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  1. Today
  2. ""A widely used definition is: "A conflict of interest is a set of circumstances that creates a risk that professional judgement or actions regarding a primary interest will be unduly influenced by a secondary interest."" A too narrowly technical definition, besides bulky. What rational individuals share is a non-malevolent universe view, and a commitment to reality and confidence in their reason. From which follows their rational self-interest, the values and virtues (self-esteem, productiveness, independence, integrity etc.) they have in common. Being rational, each is in the full
  3. I have explained to you what the topic is and given you lucid examples. It was like talking past you, because you didn't understand the topic well enough to rationally discuss it. Cretins, I have observed, are unable to conceive what I was talking about, and they are only interested in shouting their own a priori, subjectivist views of the topic.
  4. Rich Lowry ably dissects the latest blatantly dishonest left-wing attack on Ron DeSantis, a 60 Minutes hit piece about his plan to work with the state's most popular grocery chain to help distribute Covid vaccines. We do need someone who fights back, but we don't need another strongman. The media won't help us know the difference, because they'll label either as "combative." (Image by Hermes Rivera, via Unsplash, license.) Florida turned to the widely popular Publix chain because, as Florida's emergency management director (a Democrat) explained, other pharmacies weren't ready to start dis
  5. Of course I think someone else could reach a different conclusion. Anytime anyone gets me to tell this whole horrible story, the conclusions I hear are quite different from my own. But they also tend to be quite different from what your generic Objectivist conclusion might be (at least as far as I would picture it) which is why I'm so curious to hear what the general consensus would be of those who claim to share my same basic worldview. It's not just my own worldview, I might add: one of the explicitly-agreed-on conditions I asked for before agreeing to move back in with Tiffany was th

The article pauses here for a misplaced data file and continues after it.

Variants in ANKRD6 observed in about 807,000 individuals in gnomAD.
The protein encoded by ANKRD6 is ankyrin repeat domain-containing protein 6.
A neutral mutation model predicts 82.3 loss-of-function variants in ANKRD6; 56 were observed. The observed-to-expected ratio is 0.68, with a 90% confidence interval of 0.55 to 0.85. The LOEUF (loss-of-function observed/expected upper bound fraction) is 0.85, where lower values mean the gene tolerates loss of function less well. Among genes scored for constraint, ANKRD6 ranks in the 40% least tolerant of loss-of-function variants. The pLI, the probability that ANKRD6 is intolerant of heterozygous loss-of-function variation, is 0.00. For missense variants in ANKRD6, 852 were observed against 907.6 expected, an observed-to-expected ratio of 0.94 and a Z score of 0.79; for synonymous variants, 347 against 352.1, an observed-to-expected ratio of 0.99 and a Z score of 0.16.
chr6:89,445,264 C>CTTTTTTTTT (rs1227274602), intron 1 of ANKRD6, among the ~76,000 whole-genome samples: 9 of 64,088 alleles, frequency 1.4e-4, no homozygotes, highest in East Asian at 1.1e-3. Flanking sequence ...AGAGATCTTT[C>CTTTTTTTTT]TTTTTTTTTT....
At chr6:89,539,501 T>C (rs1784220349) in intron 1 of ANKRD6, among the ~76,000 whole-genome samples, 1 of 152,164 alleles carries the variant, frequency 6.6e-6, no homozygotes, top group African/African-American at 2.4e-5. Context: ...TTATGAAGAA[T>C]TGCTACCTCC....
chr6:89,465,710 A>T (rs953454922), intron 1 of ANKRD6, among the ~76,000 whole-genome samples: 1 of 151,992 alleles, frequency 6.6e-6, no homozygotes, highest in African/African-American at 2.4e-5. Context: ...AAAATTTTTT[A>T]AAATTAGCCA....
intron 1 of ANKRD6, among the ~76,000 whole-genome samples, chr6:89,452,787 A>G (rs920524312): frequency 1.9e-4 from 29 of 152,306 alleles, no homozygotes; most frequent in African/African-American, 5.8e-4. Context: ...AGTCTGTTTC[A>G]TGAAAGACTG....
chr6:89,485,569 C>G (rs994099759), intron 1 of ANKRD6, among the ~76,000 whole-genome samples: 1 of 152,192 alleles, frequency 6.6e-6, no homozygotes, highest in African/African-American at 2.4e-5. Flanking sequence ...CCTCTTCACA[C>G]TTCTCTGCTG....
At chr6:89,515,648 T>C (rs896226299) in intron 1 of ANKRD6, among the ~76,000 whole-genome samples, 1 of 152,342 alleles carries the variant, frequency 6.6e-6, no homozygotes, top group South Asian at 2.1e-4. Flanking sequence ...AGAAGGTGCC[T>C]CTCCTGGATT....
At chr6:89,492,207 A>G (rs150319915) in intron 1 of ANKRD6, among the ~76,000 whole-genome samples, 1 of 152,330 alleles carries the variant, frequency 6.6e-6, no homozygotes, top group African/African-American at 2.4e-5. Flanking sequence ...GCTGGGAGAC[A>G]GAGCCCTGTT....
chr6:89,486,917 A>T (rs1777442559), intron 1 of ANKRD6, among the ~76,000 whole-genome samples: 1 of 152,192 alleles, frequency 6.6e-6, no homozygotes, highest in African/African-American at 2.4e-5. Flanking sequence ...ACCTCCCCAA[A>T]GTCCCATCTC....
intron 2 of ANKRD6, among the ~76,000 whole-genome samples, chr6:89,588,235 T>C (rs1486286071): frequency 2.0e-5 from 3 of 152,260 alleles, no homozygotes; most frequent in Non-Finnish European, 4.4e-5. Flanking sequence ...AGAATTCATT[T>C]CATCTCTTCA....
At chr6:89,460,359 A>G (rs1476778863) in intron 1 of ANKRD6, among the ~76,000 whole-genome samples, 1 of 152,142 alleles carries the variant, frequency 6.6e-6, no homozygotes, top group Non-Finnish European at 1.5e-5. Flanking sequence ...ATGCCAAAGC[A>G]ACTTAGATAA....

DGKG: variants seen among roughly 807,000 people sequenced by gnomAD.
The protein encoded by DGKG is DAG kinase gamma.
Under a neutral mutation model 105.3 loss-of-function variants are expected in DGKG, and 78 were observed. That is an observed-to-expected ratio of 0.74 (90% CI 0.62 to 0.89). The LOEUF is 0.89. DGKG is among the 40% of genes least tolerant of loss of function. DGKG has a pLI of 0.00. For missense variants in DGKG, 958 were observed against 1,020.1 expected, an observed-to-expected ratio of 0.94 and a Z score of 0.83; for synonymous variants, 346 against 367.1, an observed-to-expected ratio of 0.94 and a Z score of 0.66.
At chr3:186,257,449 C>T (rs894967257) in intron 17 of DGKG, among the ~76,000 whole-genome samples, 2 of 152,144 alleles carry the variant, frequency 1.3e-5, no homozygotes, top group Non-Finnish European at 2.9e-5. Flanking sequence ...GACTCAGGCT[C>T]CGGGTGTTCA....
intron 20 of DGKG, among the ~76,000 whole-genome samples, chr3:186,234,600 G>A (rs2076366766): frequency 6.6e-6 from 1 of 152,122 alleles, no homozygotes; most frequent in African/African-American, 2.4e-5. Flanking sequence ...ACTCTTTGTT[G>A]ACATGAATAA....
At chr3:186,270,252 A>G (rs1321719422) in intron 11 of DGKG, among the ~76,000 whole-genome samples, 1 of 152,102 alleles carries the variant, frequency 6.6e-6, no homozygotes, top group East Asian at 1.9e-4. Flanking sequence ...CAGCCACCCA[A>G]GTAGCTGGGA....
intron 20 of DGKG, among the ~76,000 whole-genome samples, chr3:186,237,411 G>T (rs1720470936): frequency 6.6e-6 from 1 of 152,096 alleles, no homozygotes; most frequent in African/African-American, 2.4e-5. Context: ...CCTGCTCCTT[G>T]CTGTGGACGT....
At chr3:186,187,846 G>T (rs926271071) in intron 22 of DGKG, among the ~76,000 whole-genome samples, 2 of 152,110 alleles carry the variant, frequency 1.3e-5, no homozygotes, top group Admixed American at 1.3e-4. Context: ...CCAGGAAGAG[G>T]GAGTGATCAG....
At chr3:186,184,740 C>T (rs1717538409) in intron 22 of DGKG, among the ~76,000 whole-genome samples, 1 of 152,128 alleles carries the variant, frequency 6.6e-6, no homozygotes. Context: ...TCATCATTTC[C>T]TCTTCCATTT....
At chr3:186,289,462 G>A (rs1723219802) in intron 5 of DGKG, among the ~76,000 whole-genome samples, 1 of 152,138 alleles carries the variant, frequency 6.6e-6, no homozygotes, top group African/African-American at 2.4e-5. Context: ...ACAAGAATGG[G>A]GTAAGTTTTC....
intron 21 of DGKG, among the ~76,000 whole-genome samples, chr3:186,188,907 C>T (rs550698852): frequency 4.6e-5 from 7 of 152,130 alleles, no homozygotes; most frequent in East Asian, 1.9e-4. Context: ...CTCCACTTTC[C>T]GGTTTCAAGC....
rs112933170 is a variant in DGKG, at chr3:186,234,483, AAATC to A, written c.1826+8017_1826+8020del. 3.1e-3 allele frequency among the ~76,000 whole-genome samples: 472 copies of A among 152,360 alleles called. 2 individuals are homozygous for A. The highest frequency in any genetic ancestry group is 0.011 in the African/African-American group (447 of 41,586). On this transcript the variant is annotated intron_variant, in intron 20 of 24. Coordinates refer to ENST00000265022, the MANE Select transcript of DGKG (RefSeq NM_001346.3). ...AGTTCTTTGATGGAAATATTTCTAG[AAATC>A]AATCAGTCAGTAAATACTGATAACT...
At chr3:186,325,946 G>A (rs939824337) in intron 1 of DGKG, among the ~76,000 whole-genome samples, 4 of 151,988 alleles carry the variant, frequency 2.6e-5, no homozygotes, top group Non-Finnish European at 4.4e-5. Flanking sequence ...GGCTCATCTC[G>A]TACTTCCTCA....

6. Do you have any reason to suspect that someone would reach a different conclusion? Or are you just saying it because "what if"?
  7. Great meme, by the way. That was epic. She is, which is how I like it. I can't stand the subtle sorts of games that characterize most relationships (like you mentioned); I like to be direct and I get along best with those who can be equally straight-to-the-point with me. The very first night Tiffany and I met (way back when I was 19 and she was 20) I'd marched into a total stranger's house because a couple of vague acquaintances from high school had invited me there, equipped with a stolen bottle of Bacardi's rum. After several hours of drinking I looked Tiffany in the eye and
  8. I think you are wildly exaggerating. The exchange was unremarkable. It's pretty normal not to answer yes or no to yes or no questions. "It depends" means "sometimes, yes". The wording just reflects how doctors typically think, and how a scientist thinks, where they want to emphasize context even when nobody asked. Nothing sinister or fishy.
  9. Cretins, I've observed, are often unable to conceive of two or more people talking about what they want to talk about, and not what you want them to be talking about. I remember when that issue came out, I felt bad that Biondi and Khawaja even had to respond to Mozes.
  10. Here is the exchange. I characterized it that way because Smock already agreed that he had treated patients with cardiac disease, meth and fentanyl who passed away but not necessarily from those things. Nelson's follow-up question was whether sometimes they do die from just those things. It's a yes or no answer. But Smock, in my opinion, realizes he's trapped at this point, because Nelson is that good of an interrogator. So instead of just answering yes, he tries to wriggle out of the trap and says it depends on the case. Uh huh, what depends on the case? He just didn't want to give Nelson the
  11. I like your summaries a lot. This is the only issue I had. Why do you characterize this as avoiding a straight answer? When somebody asks about multiple things that can cause death, the best answer really is "it depends" because of how many variables were introduced. It's not avoiding because any other answer would be misleading.
  12. At the beginning of the discussion, people explained to you many times that you just don't understand what the topic is. If you forgot, it was like talking past you because you didn't understand the topic well enough to even argue for or against. I read the article you mentioned. It's a pretty poor evaluation. As far as conflicts of interest, it fails to understand the argument Smith makes (that you should calculate gains and losses according to the values you have).
  13. Yesterday